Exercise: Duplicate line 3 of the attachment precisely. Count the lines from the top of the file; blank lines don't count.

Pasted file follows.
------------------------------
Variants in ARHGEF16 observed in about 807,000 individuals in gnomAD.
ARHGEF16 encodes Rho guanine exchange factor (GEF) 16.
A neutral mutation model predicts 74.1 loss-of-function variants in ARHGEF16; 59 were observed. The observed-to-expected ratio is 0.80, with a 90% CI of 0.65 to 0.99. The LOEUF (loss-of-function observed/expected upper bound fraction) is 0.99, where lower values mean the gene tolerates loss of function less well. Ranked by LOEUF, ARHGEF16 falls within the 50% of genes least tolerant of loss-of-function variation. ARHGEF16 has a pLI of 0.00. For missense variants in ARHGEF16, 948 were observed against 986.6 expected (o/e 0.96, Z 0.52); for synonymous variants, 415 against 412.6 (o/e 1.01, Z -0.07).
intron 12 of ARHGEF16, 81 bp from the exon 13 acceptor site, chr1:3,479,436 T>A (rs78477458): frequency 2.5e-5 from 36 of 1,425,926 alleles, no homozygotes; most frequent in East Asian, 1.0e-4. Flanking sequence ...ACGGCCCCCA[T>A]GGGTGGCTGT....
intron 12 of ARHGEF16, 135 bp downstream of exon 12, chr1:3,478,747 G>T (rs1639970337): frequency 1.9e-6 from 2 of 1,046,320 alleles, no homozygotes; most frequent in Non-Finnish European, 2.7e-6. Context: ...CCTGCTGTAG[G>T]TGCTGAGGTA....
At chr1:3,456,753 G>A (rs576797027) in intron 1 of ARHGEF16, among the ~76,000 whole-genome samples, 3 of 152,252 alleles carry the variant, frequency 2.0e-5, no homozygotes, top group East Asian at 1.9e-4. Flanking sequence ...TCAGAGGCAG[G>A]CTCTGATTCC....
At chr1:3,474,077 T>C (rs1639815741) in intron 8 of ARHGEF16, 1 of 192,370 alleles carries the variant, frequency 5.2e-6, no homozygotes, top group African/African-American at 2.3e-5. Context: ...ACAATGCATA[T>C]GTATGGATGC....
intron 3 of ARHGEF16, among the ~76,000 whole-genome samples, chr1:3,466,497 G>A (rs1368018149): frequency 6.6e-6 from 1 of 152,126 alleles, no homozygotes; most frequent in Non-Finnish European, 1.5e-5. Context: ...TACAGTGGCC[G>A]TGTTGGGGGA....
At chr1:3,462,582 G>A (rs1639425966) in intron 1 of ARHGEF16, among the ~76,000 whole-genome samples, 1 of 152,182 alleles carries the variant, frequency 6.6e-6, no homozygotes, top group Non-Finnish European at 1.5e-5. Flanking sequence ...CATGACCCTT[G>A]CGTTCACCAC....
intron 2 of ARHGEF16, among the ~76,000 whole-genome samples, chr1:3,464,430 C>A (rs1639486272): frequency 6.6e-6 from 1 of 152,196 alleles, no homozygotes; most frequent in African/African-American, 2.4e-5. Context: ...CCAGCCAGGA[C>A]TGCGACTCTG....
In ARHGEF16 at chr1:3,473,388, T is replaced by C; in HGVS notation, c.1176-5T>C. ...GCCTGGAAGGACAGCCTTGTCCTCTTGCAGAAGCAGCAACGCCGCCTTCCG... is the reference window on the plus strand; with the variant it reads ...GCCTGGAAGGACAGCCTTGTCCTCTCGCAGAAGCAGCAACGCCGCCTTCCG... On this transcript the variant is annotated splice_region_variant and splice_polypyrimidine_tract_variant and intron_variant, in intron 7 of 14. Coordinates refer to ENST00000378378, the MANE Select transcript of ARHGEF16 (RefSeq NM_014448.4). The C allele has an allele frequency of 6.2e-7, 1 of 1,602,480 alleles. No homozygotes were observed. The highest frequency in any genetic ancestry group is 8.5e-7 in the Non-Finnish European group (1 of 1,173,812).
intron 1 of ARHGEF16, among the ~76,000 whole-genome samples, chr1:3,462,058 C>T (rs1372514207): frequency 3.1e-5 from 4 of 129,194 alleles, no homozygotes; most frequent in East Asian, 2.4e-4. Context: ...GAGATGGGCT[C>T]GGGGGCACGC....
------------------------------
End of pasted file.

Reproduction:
A neutral mutation model predicts 74.1 loss-of-function variants in ARHGEF16; 59 were observed. The observed-to-expected ratio is 0.80, with a 90% CI of 0.65 to 0.99. The LOEUF (loss-of-function observed/expected upper bound fraction) is 0.99, where lower values mean the gene tolerates loss of function less well. Ranked by LOEUF, ARHGEF16 falls within the 50% of genes least tolerant of loss-of-function variation. ARHGEF16 has a pLI of 0.00. For missense variants in ARHGEF16, 948 were observed against 986.6 expected (o/e 0.96, Z 0.52); for synonymous variants, 415 against 412.6 (o/e 1.01, Z -0.07).